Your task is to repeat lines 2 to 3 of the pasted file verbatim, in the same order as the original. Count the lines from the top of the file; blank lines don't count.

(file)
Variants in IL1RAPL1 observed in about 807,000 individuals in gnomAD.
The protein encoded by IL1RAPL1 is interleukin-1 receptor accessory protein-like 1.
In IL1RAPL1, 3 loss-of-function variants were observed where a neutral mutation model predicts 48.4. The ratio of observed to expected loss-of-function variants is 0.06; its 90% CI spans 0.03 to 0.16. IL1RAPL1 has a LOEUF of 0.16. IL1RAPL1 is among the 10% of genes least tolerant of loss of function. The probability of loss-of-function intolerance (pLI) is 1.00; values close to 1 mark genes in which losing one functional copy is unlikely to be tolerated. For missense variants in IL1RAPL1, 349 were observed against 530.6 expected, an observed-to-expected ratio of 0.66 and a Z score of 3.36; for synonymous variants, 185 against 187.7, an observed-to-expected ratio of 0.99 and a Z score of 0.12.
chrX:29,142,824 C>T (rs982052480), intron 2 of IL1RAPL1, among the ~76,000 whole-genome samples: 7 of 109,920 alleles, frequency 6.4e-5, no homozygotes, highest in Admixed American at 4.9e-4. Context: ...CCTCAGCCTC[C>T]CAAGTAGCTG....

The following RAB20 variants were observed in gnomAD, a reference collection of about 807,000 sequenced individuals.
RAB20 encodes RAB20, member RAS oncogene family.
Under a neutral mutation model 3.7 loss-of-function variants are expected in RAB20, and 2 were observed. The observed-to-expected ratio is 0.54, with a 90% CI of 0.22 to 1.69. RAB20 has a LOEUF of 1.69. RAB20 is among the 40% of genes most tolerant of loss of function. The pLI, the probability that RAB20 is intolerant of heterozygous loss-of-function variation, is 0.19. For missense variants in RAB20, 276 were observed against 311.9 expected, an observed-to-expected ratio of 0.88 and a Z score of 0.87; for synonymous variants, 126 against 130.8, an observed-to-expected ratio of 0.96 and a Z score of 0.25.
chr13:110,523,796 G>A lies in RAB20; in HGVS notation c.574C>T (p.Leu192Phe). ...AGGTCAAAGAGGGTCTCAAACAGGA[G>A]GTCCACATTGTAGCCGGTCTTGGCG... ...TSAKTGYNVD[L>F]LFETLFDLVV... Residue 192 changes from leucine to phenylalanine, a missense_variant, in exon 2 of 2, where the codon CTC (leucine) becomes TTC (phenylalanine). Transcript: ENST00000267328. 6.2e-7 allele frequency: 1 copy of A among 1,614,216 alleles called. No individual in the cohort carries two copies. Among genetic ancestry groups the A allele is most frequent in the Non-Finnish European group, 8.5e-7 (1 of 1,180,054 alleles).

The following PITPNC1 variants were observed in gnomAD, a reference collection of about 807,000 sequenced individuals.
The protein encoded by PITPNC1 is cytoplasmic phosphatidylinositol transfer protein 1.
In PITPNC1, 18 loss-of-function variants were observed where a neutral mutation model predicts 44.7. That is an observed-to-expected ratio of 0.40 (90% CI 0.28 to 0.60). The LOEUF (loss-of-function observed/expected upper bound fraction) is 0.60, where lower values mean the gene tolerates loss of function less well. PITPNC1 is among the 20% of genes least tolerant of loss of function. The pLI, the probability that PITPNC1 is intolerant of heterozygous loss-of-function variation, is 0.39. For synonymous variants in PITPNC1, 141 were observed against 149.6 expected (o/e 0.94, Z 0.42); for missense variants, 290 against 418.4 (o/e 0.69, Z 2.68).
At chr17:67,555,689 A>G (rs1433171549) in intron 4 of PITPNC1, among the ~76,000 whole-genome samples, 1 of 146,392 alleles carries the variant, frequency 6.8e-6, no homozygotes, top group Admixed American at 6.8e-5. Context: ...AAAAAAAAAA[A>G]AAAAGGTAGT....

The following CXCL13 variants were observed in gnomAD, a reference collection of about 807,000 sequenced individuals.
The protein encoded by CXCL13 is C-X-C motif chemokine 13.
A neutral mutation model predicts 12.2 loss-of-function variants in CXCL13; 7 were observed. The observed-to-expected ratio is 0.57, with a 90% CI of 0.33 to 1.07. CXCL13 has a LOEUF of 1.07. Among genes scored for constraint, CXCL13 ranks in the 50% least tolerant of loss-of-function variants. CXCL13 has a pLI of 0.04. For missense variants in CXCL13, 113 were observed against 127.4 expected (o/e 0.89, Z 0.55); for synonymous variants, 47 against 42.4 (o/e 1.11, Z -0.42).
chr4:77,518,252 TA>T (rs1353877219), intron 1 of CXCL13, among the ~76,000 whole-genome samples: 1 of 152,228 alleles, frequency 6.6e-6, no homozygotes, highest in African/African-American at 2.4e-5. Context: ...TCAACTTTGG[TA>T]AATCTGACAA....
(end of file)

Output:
The protein encoded by IL1RAPL1 is interleukin-1 receptor accessory protein-like 1.
In IL1RAPL1, 3 loss-of-function variants were observed where a neutral mutation model predicts 48.4. The ratio of observed to expected loss-of-function variants is 0.06; its 90% CI spans 0.03 to 0.16. IL1RAPL1 has a LOEUF of 0.16. IL1RAPL1 is among the 10% of genes least tolerant of loss of function. The probability of loss-of-function intolerance (pLI) is 1.00; values close to 1 mark genes in which losing one functional copy is unlikely to be tolerated. For missense variants in IL1RAPL1, 349 were observed against 530.6 expected, an observed-to-expected ratio of 0.66 and a Z score of 3.36; for synonymous variants, 185 against 187.7, an observed-to-expected ratio of 0.99 and a Z score of 0.12.